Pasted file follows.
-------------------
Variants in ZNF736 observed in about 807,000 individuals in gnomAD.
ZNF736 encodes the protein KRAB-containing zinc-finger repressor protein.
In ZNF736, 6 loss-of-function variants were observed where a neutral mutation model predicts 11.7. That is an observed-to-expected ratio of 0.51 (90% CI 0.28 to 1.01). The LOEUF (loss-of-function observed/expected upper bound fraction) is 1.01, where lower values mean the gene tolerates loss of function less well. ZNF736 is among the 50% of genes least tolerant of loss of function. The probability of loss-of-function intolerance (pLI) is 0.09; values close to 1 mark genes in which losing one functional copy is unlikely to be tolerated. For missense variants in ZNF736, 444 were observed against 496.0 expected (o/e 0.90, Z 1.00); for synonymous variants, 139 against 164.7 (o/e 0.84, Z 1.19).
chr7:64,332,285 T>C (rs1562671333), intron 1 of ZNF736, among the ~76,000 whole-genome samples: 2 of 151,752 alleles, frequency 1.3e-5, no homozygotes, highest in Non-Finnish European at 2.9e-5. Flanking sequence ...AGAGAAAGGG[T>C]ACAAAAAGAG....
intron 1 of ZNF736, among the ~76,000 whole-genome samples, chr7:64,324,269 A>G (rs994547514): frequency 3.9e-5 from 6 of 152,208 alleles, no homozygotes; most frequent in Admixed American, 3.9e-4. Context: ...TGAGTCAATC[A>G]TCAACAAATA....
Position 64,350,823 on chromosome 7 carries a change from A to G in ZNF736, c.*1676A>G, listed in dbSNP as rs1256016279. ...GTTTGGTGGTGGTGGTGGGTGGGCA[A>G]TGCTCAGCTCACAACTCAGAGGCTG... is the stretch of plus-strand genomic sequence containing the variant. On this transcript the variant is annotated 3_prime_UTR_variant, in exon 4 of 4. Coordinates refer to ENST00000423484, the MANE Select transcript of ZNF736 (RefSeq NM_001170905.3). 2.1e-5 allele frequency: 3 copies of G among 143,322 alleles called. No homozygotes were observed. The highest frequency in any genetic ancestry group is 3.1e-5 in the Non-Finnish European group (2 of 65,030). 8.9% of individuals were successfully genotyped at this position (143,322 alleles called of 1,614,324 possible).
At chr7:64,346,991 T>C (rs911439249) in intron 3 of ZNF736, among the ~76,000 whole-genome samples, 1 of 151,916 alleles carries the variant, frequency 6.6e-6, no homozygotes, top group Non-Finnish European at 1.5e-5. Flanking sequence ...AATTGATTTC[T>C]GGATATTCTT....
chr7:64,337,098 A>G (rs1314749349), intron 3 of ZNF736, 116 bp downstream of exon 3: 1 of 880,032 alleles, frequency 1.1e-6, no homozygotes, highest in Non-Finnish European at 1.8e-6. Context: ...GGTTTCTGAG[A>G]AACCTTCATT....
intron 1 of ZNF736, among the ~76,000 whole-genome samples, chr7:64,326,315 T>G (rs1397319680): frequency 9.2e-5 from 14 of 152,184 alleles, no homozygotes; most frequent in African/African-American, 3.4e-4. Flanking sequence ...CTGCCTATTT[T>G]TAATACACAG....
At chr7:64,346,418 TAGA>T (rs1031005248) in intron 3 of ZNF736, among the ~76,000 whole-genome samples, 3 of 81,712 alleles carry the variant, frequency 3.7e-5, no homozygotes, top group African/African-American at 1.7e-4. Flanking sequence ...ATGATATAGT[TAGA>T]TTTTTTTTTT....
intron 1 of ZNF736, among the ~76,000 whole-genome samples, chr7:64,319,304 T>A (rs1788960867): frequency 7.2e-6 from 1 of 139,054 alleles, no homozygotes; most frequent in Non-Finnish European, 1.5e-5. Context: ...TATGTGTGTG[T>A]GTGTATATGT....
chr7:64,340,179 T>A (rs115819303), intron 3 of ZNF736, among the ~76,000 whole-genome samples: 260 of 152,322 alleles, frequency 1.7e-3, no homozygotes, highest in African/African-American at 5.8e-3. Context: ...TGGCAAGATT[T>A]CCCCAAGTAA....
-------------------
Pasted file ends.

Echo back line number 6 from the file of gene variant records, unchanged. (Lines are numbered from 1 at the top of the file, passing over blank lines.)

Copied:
Position 64,350,823 on chromosome 7 carries a change from A to G in ZNF736, c.*1676A>G, listed in dbSNP as rs1256016279. ...GTTTGGTGGTGGTGGTGGGTGGGCA[A>G]TGCTCAGCTCACAACTCAGAGGCTG... is the stretch of plus-strand genomic sequence containing the variant. On this transcript the variant is annotated 3_prime_UTR_variant, in exon 4 of 4. Coordinates refer to ENST00000423484, the MANE Select transcript of ZNF736 (RefSeq NM_001170905.3). 2.1e-5 allele frequency: 3 copies of G among 143,322 alleles called. No homozygotes were observed. The highest frequency in any genetic ancestry group is 3.1e-5 in the Non-Finnish European group (2 of 65,030). 8.9% of individuals were successfully genotyped at this position (143,322 alleles called of 1,614,324 possible).